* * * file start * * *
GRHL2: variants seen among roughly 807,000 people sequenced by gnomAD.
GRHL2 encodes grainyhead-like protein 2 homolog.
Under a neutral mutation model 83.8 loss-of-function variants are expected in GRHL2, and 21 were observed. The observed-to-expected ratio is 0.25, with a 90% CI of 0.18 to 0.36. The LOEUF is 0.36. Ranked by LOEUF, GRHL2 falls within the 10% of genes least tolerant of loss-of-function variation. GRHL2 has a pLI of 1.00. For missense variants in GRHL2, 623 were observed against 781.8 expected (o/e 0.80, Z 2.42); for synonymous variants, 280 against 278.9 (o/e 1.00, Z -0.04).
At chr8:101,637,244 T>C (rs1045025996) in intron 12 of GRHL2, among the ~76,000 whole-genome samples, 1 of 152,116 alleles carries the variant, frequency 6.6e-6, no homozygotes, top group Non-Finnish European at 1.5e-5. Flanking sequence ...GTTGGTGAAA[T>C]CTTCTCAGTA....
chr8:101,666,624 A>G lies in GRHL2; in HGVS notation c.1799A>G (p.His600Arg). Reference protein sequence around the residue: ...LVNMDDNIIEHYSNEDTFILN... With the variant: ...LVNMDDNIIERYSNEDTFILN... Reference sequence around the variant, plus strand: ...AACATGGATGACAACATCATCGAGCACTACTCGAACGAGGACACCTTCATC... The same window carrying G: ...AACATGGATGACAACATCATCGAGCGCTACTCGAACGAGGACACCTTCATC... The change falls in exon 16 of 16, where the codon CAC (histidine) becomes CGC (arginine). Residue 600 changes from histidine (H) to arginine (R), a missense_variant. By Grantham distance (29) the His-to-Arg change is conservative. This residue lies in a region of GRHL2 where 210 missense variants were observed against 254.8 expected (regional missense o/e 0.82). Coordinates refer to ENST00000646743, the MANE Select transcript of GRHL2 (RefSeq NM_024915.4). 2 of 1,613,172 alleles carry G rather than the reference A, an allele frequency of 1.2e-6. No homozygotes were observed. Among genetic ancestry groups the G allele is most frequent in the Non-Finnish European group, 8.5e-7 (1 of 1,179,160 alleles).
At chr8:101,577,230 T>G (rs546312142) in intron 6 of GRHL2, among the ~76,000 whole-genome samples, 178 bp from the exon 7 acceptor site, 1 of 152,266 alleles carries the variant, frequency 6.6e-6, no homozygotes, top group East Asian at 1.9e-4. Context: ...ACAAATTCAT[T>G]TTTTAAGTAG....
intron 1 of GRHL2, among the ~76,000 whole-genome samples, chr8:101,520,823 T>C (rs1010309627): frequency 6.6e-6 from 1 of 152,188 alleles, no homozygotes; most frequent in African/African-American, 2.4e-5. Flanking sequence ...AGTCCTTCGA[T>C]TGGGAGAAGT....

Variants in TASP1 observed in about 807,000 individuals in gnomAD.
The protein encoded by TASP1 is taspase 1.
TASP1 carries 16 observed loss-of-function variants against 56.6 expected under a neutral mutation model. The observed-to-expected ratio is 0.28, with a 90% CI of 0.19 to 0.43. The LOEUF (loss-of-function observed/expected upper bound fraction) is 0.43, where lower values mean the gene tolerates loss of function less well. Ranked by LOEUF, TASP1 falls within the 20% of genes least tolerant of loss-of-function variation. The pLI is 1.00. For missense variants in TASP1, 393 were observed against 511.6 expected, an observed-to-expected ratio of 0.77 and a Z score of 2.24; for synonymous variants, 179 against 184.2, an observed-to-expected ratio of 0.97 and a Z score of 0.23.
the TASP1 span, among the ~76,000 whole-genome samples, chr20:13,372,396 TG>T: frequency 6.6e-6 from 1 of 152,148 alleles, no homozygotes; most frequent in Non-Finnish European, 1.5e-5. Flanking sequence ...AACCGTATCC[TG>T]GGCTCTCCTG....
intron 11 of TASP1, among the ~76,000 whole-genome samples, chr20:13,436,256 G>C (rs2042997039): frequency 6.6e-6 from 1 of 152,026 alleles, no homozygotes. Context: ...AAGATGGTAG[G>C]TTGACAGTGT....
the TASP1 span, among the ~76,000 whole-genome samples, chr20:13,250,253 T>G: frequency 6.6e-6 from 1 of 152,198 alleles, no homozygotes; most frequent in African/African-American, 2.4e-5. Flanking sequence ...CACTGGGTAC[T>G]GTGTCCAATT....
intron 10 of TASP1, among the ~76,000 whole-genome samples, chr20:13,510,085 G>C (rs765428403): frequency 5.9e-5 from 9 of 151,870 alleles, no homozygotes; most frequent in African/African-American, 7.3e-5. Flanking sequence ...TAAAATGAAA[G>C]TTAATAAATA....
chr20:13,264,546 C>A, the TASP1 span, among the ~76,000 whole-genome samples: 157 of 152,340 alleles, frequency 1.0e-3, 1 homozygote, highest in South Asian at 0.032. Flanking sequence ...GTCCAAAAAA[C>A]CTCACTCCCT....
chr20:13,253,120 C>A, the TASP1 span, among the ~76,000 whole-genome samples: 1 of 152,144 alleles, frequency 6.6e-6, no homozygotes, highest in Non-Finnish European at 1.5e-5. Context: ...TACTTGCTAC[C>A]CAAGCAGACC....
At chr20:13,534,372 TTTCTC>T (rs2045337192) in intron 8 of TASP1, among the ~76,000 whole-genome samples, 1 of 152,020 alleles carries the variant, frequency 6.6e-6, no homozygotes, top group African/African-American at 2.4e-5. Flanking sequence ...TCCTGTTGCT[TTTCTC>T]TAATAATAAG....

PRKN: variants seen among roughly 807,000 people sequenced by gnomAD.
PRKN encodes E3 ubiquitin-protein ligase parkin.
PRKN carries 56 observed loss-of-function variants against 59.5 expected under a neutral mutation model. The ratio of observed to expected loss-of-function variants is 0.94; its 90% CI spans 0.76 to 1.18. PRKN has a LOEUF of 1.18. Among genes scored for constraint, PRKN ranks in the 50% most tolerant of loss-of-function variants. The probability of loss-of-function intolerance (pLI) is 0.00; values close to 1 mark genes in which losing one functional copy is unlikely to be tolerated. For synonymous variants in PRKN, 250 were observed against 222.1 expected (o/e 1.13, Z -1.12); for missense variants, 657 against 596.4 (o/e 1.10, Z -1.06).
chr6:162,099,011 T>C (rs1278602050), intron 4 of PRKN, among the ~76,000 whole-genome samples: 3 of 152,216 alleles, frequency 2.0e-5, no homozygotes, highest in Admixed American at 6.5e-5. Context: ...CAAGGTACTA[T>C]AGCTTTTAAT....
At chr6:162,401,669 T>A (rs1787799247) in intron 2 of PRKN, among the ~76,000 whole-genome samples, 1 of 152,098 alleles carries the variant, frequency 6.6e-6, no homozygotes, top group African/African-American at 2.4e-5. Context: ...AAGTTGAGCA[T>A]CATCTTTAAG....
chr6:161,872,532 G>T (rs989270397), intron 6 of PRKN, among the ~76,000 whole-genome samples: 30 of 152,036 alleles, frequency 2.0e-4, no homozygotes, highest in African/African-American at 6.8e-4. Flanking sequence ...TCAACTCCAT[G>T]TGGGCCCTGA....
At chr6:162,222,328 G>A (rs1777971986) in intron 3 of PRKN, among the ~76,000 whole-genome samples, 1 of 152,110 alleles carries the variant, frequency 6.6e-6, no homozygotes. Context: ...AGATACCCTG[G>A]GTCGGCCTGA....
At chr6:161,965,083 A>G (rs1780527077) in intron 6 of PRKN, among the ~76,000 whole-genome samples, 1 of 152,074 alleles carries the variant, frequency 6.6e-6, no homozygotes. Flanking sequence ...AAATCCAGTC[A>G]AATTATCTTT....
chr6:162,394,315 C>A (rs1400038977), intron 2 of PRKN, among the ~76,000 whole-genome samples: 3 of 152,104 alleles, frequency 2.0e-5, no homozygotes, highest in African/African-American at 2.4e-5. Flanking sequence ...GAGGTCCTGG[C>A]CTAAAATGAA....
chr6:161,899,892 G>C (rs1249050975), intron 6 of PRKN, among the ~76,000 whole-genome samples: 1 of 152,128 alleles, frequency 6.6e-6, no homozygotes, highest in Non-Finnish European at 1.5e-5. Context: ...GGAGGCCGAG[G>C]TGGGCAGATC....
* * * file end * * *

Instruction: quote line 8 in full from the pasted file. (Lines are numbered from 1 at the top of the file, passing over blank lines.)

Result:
Variants in TASP1 observed in about 807,000 individuals in gnomAD.